But Biden’s move didn’t go unchallenged in his party. That follows a public fracturing of the bipartisan consensus on Israel in American politics. Progressive Democratic congresswomen, Rashida Tlaib and Ilhan Omar, were at the heart of that shift going against the party line. Their support for a boycott movement aimed at pressuring Israel to change its policy toward Palestinians was met with resistance from the overwhelming majority of House Democrats in 2019, who supported a resolution to condemn that movement. But Tlaib and Omar’s push received help from an unlikely quarter: Donald Trump, probably the most pro-Israel president in living memory.

It’s ironic indeed. The Trump White House had withdrawn funding for UNRWA, the UN’s organisation for taking care of Palestinian refugees; closed the Palestinian Liberation Organisation’s office in DC; and had moved the U.S. embassy to Jerusalem.

But Trump made a crucial mistake. In 2019, it was widely suspected Tlaib and Omar were banned from Israel owing to a direct request by Trump to Israeli Prime Minister Benjamin Netanyahu; and that forced criticism of Israel by senior Democrats. The then-Democratic House majority leader, Steny Hoyer, pushed Israel to allow the congresswomen to visit; Senator Elizabeth Warren did the same. Tlaib, herself of Palestinian descent, declared, “If you truly believe in democracy, then the close alignment of Netanyahu with Trump’s hate agenda must prompt a re-evaluation of our unwavering support for the State of Israel.” It was a message that resonated with many Democrats.

But the seeds were laid before then. The more progressive wing of the Democratic Party, with whom Tlaib and Omar are immensely popular, is growing in strength due to simple demographics. Disproportionately, younger Americans, and Americans of color, are more likely to be progressive. They are more likely to favor civil rights for minorities, whether it’s the ‘Black Lives Matter’ movement in the U.S. or overseas. It’s hard to square that with support for the Israeli occupation of the West Bank, say, where Israeli settlers are granted substantially more privileges as compared to the indigenous Palestinian population. As the former U.S. ambassador to Israel, Daniel Shapiro, said in 2019: “There are new voices that are more critical, single-mindedly toward Israel and they’re obviously making themselves heard.”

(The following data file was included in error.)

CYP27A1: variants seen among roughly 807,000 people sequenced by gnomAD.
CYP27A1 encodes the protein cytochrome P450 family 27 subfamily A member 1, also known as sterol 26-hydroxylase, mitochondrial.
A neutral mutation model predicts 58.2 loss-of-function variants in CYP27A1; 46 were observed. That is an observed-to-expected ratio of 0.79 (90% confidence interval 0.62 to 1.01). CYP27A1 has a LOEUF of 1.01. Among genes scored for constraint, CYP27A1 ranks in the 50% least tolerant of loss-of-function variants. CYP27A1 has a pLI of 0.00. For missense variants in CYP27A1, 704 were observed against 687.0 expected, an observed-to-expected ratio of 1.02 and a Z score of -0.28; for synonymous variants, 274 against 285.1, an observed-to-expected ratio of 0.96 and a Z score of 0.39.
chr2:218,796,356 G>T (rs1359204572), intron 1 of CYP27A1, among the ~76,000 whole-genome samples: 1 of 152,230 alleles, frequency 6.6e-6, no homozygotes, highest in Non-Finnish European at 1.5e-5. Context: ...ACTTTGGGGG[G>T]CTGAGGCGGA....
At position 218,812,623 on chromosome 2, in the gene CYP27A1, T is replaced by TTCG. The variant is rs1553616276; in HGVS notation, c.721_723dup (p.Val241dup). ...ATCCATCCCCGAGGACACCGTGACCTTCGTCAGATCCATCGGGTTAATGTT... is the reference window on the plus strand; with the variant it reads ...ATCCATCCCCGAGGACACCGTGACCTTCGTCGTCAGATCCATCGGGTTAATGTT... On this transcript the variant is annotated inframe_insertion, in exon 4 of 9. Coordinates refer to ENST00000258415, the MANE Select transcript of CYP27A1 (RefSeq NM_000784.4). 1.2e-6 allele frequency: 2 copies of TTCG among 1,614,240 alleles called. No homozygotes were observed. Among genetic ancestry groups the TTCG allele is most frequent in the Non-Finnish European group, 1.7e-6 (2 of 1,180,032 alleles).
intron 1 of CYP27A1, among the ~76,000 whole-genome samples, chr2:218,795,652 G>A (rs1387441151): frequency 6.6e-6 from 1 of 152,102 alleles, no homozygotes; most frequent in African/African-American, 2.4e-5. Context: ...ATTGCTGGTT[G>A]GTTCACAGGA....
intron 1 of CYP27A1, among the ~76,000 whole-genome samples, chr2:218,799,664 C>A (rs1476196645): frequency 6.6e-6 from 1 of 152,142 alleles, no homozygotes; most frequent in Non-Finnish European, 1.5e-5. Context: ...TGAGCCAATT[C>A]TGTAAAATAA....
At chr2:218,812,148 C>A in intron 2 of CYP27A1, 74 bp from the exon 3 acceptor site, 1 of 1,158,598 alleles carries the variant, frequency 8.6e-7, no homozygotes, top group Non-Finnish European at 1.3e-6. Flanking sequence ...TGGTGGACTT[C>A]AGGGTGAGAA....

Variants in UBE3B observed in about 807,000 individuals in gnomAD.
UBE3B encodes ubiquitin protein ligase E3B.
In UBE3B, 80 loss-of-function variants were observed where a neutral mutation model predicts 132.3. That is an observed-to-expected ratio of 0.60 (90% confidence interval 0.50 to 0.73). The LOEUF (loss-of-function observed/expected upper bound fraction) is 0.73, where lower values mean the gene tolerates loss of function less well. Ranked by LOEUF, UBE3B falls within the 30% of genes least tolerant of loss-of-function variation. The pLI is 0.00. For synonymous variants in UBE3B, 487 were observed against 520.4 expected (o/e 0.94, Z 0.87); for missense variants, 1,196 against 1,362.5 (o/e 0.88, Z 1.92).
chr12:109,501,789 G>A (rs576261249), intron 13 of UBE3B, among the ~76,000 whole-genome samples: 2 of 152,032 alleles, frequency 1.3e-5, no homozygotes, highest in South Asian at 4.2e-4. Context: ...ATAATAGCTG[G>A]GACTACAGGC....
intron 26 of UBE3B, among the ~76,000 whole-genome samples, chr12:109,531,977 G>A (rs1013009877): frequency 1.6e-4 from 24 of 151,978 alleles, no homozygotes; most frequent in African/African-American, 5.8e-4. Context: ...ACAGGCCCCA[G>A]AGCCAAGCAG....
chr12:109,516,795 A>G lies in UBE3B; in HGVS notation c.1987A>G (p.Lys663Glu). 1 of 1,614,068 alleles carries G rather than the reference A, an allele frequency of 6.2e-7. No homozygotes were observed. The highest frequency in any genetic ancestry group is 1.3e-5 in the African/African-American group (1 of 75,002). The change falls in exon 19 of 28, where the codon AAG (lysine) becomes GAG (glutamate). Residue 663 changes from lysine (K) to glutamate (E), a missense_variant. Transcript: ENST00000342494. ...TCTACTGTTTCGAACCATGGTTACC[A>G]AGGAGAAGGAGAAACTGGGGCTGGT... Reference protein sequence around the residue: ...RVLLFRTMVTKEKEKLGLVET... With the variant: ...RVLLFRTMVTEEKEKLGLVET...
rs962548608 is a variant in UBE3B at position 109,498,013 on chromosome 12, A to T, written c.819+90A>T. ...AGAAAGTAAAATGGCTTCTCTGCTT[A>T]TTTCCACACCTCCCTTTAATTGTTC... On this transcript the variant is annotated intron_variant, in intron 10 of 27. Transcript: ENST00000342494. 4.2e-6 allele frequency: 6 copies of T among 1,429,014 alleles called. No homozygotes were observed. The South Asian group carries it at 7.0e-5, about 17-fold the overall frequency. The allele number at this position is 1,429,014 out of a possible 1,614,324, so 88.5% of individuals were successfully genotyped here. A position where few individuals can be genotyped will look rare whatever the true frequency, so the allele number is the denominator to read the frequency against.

The Republican Party remains stalwart in its support for the Jewish state; but that’s a complex situation. White supremacist thinking appeals to many Trump supporters; and that ideology contains a strong element of anti-Semitism. At the same time, mainstreaming of white supremacy in the Republican Party only invigorates progressive activists on the Democratic side — and because of the deep polarization of American politics, it makes sense for the Democrats to resist fracturing at all costs, and hold a united front against the Republicans. That means, inevitably, more, not less, progressive influence within the party. And, invariably, that will mean more critical voices on Israel.

There’s little chance of immediate changes in American policy; the U.S. president, and the Democratic leadership in both houses of Congress, are still solidly in favor of the consensus. But the direction is becoming clear – we’re on a path toward the end of uncritical bipartisan support for Israel’s policies towards Palestinians.